A recent study found that a small group of people who received 10 minutes of reiki during intravenous administration of conscious sedation needed less meperidine, a pain-relieving medication, during screening colonoscopy. However, the majority of people involved in the study who received reiki needed as much meperidine as those who did not receive reiki before the screening colonoscopy.
The study, “Reiki as a Pain Management Adjunct in Screening Colonoscopy,” involved 60 patients, ranging in age from 50 to 60 years, with a mean age of about 54 years, about half of whom were male.
Thirty of these patients served as the control group via a retrospective chart review. These 30 patients underwent a screening colonoscopy before the study period, receiving intravenous conscious sedation without reiki. The researchers reviewed the charts for these 30 patients to establish baseline average doses of meperidine used during screening colonoscopy without reiki.
The other 30 patients agreed to receive reiki for 10 minutes, from a Reiki Master Level III, at the same time a nurse administered intravenous conscious sedation, which occurred just before the insertion of the colonoscope. Twenty-five of these patients received authentic reiki, and five of these patients received placebo reiki.
“The reason for the placebo reiki was to blind the registered nurse and gastroenterologist to which treatment was being given to the patient, so as not to influence the administration of medication,” state the study’s authors.
The only outcome measure for this study was the amount of meperidine delivered for pain relief during screening colonoscopy. According to the researchers, the nurse administering sedation gives incremental doses of medication depending on the patient’s level of pain throughout the procedure.
Results of the research revealed no statistically significant differences in the amount of meperidine used during screening colonoscopy between the placebo reiki and authentic reiki groups or between the authentic reiki and control groups.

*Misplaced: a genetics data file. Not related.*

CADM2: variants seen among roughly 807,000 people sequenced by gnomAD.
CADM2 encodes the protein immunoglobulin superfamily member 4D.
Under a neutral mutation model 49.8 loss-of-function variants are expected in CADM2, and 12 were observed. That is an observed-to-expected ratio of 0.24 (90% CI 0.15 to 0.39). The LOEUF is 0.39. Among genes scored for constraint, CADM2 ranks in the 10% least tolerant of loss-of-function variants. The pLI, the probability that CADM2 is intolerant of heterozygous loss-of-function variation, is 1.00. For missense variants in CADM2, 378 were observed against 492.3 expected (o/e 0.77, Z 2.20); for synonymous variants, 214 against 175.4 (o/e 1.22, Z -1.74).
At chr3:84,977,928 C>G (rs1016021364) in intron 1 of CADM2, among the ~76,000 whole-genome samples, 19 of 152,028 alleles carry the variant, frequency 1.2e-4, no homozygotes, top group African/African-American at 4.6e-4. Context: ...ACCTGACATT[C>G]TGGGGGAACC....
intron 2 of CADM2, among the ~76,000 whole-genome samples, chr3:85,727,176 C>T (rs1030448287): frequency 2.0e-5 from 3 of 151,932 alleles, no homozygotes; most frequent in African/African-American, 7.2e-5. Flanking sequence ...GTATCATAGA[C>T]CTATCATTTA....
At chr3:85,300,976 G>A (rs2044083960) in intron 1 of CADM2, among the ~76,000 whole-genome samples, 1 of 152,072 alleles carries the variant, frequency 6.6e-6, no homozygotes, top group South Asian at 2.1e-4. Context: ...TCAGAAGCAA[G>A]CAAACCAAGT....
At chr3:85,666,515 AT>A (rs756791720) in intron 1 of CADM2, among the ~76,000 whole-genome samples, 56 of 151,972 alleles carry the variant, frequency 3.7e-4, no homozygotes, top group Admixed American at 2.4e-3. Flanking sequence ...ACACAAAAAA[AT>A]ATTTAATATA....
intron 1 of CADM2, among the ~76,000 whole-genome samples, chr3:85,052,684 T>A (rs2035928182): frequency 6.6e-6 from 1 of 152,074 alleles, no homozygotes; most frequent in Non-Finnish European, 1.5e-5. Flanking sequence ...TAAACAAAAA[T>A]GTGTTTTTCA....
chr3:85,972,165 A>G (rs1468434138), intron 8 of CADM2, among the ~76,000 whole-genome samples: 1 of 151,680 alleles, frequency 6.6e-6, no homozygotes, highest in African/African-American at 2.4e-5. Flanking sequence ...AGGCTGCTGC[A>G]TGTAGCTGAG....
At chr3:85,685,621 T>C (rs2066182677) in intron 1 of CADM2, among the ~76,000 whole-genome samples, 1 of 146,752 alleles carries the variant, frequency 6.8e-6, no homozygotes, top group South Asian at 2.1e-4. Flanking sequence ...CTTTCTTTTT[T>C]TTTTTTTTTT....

However, in the reiki group, four of the 25 patients, or 16 percent, received less than 50 milligrams of meperidine—three received 25 milligrams and one received 37.5 milligrams. In contrast, no patients in either the control group or the placebo reiki group received less than 50 milligrams of the pain reliever.
“Reiki may have the potential to decrease the amount of medication used to sedate patients,” state the study’s authors. “Although this study showed the indication to be small, 16 percent of patients needing less medication is an indication that reiki may assist with pain management for patients undergoing screening colonoscopy.”
The researchers suggest a larger study to better detect differences in the amount of medication used and more accurately determine the effect of reiki on pain management.
Authors: Alda L. Bourque, Mary E. Sullivan and Michael R. Winter.
Sources: Boston Medical Center, Boston, Massachusetts; Data Coordinating Center, Boston University School of Public Health, Boston, Massachusetts. Originally published in the September/October issue of Society of Gastroenterology Nurses and Associates (2012), 35(5), 308-312.